By Jo Ann Abell
One day last fall, the dogs were raising a ruckus in our front yard. Their loud, insistent barking told me they had discovered something that, at least in their minds, didn’t belong there. Living in a very rural part of Rockbridge County in the foothills of the Blue Ridge, we have a lot of venomous snakes, and my fear was they had cornered a rattlesnake or copperhead, but as I got closer, I saw that it was a far less dangerous critter—a snapping turtle.
Unlike box turtles that can pull their head and legs inside their shell when confronted by a predator, the snapping turtle’s plastron (lower shell) is small, leaving much of their body exposed. On land, they make up for this lack of body armor with an aggressive temperament. When threatened, they raise their bodies and strike at an enemy with their jaws wide open. Although they have no teeth, their powerful jaws have a sharp cutting edge for biting and tearing apart prey. Their bite may not be venomous like a pit viper, but it can still be quite painful.
My husband, standing back a healthy distance, tapped the turtle’s beak with a stout stick. The snapper instantly took the bait, clamping down and latching onto it, and even when he pulled on the stick, this guy wasn’t letting go. With the business end of the snapper occupied, we were able to lift it onto a tarp, load it in a wagon, and move it a short distance to the creek in the front field where it, and the dogs, would be safe. We watched as it waddled away, continuing his (or her) journey.
The snapping turtle, Chelydra serpentina, is the Commonwealth’s largest freshwater turtle, and the second largest freshwater turtle in the United States. A full-grown snapper can top over 50 pounds. The state record in Virginia is held by a 51-pound male with a carapace (upper shell) length of just over 18 inches.
This wide-ranging reptile is found throughout the eastern two-thirds of the United States and in southern and eastern Canada, which is the reason they also go by the moniker “common snapping turtle.” Snapping turtles are found all across the Commonwealth and on some barrier islands, where they live in a variety of aquatic habitats including ponds, lakes, streams, rivers, swamps, and brackish marshes. Areas providing cover in the form of stumps, muskrat lodges and burrows, overhanging ledges, and muddy bottoms are the most favored habitats.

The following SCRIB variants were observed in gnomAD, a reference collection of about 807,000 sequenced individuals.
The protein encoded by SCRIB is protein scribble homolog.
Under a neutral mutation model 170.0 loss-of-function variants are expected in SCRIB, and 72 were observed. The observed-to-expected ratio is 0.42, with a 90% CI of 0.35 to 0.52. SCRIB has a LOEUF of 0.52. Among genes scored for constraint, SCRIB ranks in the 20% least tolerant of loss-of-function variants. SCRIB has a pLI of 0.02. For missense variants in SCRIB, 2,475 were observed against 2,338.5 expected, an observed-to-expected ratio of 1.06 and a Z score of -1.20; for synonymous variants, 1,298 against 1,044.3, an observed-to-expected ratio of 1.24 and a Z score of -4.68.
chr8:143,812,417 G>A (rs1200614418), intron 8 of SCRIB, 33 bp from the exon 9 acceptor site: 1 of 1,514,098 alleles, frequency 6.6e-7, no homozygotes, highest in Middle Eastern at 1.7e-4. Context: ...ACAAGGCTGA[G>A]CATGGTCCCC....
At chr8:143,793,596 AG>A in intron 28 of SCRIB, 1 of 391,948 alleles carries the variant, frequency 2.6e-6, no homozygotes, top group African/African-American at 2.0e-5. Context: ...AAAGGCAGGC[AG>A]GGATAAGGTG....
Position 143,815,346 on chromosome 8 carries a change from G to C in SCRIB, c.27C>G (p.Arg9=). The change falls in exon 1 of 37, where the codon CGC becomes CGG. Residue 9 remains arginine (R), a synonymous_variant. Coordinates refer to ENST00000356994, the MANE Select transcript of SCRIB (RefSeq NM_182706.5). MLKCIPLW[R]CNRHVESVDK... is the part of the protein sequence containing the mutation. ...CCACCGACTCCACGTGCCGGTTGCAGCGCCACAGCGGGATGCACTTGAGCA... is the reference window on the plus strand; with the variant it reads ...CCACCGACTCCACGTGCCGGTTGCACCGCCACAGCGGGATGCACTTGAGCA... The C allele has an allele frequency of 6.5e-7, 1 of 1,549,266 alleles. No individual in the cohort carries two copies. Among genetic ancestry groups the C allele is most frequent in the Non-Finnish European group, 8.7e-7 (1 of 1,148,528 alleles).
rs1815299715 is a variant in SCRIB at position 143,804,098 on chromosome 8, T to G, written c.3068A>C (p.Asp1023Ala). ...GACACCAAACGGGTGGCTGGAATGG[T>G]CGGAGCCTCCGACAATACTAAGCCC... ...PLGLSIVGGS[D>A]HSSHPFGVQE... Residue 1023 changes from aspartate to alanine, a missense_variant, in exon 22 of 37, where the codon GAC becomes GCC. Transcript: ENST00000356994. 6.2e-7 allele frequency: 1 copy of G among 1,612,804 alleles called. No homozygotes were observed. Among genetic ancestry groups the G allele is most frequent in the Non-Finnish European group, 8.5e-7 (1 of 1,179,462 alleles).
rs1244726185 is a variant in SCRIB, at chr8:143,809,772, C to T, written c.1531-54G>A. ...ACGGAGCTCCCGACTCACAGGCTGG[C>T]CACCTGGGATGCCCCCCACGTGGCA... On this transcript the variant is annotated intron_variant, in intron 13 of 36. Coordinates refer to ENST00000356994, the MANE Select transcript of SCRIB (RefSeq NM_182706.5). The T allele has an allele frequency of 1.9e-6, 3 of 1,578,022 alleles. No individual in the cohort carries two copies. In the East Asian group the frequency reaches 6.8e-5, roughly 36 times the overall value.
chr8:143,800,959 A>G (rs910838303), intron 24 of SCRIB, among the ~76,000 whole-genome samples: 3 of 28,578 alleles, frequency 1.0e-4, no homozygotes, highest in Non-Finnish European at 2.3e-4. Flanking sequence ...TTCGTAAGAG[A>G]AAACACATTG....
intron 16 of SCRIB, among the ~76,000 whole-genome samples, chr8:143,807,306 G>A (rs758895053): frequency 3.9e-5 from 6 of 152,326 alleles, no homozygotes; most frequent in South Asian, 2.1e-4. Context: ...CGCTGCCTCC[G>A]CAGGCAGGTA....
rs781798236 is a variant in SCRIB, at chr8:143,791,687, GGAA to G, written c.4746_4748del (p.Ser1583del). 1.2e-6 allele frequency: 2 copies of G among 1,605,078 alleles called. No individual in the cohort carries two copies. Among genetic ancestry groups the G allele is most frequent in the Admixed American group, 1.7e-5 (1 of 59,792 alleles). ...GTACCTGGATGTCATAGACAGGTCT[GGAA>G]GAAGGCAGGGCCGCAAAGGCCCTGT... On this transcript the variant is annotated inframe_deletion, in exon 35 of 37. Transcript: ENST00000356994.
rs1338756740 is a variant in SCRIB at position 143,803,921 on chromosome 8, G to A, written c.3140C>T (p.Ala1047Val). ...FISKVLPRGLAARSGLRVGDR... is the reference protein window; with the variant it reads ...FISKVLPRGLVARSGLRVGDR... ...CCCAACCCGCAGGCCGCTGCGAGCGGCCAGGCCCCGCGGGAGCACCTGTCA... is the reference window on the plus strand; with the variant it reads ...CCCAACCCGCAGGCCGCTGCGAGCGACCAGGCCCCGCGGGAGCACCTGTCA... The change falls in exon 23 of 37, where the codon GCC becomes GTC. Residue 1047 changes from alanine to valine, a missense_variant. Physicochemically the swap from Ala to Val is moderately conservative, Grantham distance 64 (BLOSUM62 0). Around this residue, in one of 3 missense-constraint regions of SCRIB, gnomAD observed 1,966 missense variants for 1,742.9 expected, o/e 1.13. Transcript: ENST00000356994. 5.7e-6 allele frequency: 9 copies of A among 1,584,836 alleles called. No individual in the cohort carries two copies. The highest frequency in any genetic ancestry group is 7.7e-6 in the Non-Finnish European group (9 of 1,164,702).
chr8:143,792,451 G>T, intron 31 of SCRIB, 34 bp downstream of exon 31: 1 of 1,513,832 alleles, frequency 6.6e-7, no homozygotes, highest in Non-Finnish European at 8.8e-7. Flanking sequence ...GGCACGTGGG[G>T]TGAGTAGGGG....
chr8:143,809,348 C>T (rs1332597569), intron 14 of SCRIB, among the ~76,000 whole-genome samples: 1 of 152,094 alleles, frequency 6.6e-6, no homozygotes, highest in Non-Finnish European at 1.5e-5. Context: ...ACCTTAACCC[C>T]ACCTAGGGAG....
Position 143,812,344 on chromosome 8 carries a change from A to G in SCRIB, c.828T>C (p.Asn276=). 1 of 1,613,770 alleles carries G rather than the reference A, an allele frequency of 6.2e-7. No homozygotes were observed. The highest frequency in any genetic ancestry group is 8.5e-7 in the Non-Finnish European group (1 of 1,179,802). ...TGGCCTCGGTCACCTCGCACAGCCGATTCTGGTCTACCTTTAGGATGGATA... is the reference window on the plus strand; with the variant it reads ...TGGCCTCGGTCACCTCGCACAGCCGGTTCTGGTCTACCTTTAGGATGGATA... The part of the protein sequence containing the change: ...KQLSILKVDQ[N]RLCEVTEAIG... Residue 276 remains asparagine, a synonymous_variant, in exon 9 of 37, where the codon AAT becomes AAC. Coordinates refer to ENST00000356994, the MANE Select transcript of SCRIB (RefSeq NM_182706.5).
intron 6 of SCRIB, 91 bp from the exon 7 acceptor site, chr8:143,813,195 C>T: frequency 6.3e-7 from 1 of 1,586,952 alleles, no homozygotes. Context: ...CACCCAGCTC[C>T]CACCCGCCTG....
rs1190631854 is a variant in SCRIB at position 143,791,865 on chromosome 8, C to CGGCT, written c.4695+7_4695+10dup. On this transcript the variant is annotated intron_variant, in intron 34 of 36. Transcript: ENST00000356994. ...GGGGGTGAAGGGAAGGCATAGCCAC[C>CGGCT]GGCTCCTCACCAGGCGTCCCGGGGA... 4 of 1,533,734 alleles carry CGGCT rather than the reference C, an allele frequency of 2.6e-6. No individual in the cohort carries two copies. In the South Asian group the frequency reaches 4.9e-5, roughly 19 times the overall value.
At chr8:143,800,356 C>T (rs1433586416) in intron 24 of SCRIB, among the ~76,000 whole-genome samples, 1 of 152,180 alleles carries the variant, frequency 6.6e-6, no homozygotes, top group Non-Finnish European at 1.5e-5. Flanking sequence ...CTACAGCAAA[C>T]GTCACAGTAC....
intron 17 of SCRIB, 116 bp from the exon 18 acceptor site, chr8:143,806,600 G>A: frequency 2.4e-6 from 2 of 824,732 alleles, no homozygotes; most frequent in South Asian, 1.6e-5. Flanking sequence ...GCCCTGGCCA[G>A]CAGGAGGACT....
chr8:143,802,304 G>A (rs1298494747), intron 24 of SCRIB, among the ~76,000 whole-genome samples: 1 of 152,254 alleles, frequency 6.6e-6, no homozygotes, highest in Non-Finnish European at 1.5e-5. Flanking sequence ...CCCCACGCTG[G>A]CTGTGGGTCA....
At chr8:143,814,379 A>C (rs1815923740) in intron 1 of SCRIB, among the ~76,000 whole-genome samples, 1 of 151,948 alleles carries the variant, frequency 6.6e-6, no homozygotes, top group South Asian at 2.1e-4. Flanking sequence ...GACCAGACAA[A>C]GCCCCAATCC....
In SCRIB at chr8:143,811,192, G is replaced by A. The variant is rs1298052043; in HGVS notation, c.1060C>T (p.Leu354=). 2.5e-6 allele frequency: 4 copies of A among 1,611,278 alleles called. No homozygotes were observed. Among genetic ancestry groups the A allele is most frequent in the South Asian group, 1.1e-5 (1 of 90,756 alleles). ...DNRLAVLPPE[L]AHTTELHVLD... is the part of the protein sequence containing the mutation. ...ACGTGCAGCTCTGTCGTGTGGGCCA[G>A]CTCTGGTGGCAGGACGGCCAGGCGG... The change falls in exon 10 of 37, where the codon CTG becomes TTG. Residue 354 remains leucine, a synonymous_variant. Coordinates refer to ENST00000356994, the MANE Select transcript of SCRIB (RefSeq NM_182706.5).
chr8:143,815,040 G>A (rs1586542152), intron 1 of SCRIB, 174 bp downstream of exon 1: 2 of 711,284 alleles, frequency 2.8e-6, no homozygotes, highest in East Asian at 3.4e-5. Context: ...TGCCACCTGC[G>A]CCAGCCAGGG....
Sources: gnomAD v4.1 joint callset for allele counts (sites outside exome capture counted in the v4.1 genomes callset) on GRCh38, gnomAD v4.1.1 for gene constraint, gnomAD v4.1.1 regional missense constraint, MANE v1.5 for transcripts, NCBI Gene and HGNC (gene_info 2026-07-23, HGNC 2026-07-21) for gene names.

They are active from late March through October, but snapping turtles can be found in water any month of the year. They’re most often seen in late spring when females search for nest sites, and in early fall, when hatchlings emerge from their eggs to negotiate terrestrial predators on their way to water.
Snappers are long-lived and slow to sexually mature. In Virginia, they don’t reach maturity until approximately 6 to 7 years of age. Female turtles lay a single clutch of 26–55 eggs annually on average. There is a high nest failure rate, with most of their eggs eaten by raccoons, crows, hawks, skunks, coyotes, dogs, foxes, and a host of other predators. Hatchling survival rate is only 6 to 9 percent in Virginia, but if they make it to adulthood, the rate of survivorship is high.
A Modern-Day Link to Dinosaurs
Today’s snapping turtles are related to Proganochelys, an ancient turtle that lived 215 million years ago. In comparison, the age of dinosaurs was approximately 150 million years ago, 100 million years after the earliest turtles. Proganochelys had most of the features of today’s turtles, including an armored shell formed from bony plates fused to its ribs and a semi-beak-like structure for gnawing plants. Additional plates around the bottom of the shell protected its legs. Turtles were one of the few reptile groups that survived the impact of a six-mile-wide asteroid that struck the Earth about 65 million years ago and the nuclear winter triggered by the event.
With their sharp beak and powerful jaws, stubby legs, sharp claws, and long Stegosaurus-like tail, snapping turtles have not changed much since dinosaurs walked the Earth. In fact, the modern-day turtle is a living fossil, having retained many of the features of the earliest turtles. Their well-designed body that has survived the ages gave them little need to evolve in order to survive. Equipped to inhabit all types of aquatic environments, they can live in the wild for 40 years or more.